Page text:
This property is a bit trickier. It sets how the animation progresses through the keyframes.

The values that can be assigned to it are called easing functions and are determined by a cubic-bezier function.

A cubic-bezier is a curve that defines how your application flows. It can be declared as such:

animation-timing-function: cubic-bezier(p1, p2, p3, p4)

,where p1 represents the start and p4 represents the end and the values of p1 and p3 must be between 0 and 1.

There are also some predefined curve values that are worth mentioning, since you may run into them quite often:

  • ease
  • linear
  • ease-in
  • ease-out
  • ease-in-out

Is equal to cubic-bezier(.25, .1, .25, 1). It increases in velocity towards the middle of the animation, only to slow at the end.

Is equal to cubic-bezier(0, 0, 1, 1). As its name suggests, it animates at a linear speed.

Is equal to cubic-bezier(.42, 0, 1, 1). It starts off slowly and rushes towards the end.

Is equal to cubic-bezier(0, 0, 0.58, 1) and it is the opposite of the 'ease-in' property. It starts quickly and slows down towards the end.

Is equal to cubic-bezier(.42, 0, .58, 1) and is a mix of the 'ease-in' and 'ease-out' properties. It slowly transitions, speeds up and then slows down again.

Besides the cubic-bezier function that is designed to flow, being as it is a curve, there is also a function, used significantly less, called steps.

You may assign a value of steps with an integer parameter, and the animation will be 'hopped' throughout in however many steps you define.

For example, if we do this:

animation-timing-function: steps(4);

the animation is going to be divided in 4 even steps and jump from one to the other, not maintaining any flow, unlike the bezier curve.

There is an optional second parameter to the steps function, which is called a jump-parameter.

The jump-parameter can be:

  • jump-start
  • jump-end
  • jump-none
  • jump-both

The first jump will happen when the application begins.

The last jump will happen when the application ends.

There is no jump happening at the start or at the end.

There will be jumps both at the start and at the end, and an additional jump will be added to the declared integer.

The default value for the 'animation-timing-function' property is ease.



So, we've jotted down all the main properties that can be used to control an animation. Man, there are a lot!

But worry not, there is a shorthand property to ease your work and tired fingers!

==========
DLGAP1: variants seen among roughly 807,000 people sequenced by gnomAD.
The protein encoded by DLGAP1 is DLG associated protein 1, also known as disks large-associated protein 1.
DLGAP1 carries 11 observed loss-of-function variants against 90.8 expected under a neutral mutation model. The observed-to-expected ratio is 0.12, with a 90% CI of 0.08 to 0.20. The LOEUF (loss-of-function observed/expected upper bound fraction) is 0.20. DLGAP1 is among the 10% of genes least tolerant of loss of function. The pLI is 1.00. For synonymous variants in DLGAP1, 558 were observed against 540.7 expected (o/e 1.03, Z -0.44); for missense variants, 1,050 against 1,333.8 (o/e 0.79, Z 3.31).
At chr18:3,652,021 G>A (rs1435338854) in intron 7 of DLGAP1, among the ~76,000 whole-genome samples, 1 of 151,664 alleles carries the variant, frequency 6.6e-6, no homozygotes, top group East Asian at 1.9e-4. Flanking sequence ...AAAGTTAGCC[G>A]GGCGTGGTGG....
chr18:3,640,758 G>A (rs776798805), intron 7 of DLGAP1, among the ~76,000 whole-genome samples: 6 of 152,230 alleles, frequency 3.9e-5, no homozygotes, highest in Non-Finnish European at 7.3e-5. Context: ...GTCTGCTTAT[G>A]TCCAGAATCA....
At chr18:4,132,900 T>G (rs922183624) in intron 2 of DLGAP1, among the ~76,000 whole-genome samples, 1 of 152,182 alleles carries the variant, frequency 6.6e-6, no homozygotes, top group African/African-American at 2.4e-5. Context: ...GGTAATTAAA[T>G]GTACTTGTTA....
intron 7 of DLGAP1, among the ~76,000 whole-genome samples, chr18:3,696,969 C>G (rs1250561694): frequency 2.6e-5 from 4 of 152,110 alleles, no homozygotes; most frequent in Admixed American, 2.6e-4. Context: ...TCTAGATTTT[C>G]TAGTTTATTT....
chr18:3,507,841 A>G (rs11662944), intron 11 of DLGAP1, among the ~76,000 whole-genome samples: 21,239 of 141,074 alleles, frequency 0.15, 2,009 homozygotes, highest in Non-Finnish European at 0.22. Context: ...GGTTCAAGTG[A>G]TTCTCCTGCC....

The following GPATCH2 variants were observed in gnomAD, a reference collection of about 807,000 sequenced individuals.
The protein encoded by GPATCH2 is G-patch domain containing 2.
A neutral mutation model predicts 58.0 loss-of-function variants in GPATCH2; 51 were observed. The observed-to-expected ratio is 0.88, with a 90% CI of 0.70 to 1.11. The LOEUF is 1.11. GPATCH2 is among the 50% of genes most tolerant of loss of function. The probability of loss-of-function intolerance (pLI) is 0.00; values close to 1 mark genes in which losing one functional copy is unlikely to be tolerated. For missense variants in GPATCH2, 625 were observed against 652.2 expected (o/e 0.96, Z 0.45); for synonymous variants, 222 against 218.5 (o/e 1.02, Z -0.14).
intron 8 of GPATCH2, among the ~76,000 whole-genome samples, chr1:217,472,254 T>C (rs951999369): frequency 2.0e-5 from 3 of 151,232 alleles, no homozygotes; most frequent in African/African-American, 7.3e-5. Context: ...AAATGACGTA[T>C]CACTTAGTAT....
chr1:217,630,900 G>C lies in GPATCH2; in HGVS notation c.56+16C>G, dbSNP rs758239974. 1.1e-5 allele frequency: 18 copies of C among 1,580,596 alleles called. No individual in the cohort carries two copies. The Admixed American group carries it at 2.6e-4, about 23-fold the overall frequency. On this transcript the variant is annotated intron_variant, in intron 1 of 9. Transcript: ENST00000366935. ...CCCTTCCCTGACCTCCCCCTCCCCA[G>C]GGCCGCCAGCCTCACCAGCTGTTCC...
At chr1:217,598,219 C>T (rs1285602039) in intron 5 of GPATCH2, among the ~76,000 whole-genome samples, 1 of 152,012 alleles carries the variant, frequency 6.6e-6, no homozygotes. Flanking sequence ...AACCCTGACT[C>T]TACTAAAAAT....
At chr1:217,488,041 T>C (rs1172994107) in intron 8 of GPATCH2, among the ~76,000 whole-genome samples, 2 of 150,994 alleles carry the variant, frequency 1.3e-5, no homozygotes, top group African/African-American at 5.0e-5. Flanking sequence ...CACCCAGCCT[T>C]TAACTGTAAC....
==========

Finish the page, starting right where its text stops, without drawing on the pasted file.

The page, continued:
Here it goes:

animation: /animation-name/ /animation-duration/ /animation-timing-function/ 
/animation-delay/ /animation-iteration-count/ /animation-direction/ /animation-fill-
mode/ /animation-play-state/ 

The property names, of course, will be replaced with their corresponding values.


In case you're using SASS, there is something that can ease your work even further! Here is how we can spare some time on declaring animation properties in SASS:

Instead of writing pure CSS, like this:

.animatedElement {
    animation-name: name
    animation-duration: 300ms;
    animation-timing-function: ease-in-out;
    animation-delay: 300ms;
    animation-iteration-count: infinite;
    animation-direction: alternate;
    animation-fill-mode: forwards;
    animation-play-state: running;

We can go ahead and shorten it like this:

.animatedElement {
    animation: {
        name: name;
        duration: 300ms;
        timing-function: ease-in-out;
        delay: 300ms;
        iteration-count: infinite;
        direction: alternate;
        fill-mode: forwards;
        play-state: running;

You can ignore the values set, since they are all there for the sake of example, but do notice how we spared ourselves from writing 'animation' 8 times!

If you were to think that the average adult types at an average of 40 words per minute, most people would spare a minute every 5 animations written! May not seem like much of an improvement, but, I promise, it does add up!

Cheat sheet

Upon creating this article at OpenGenus, I've also incorporated the things discussed throughout into a cheat sheet, for more clear viewing:



Thank you for making it all the way through the end of this article at OpenGenus.

I hope that this article was of use to you and you learned something today!

Animation in CSS [Complete Guide with code examples]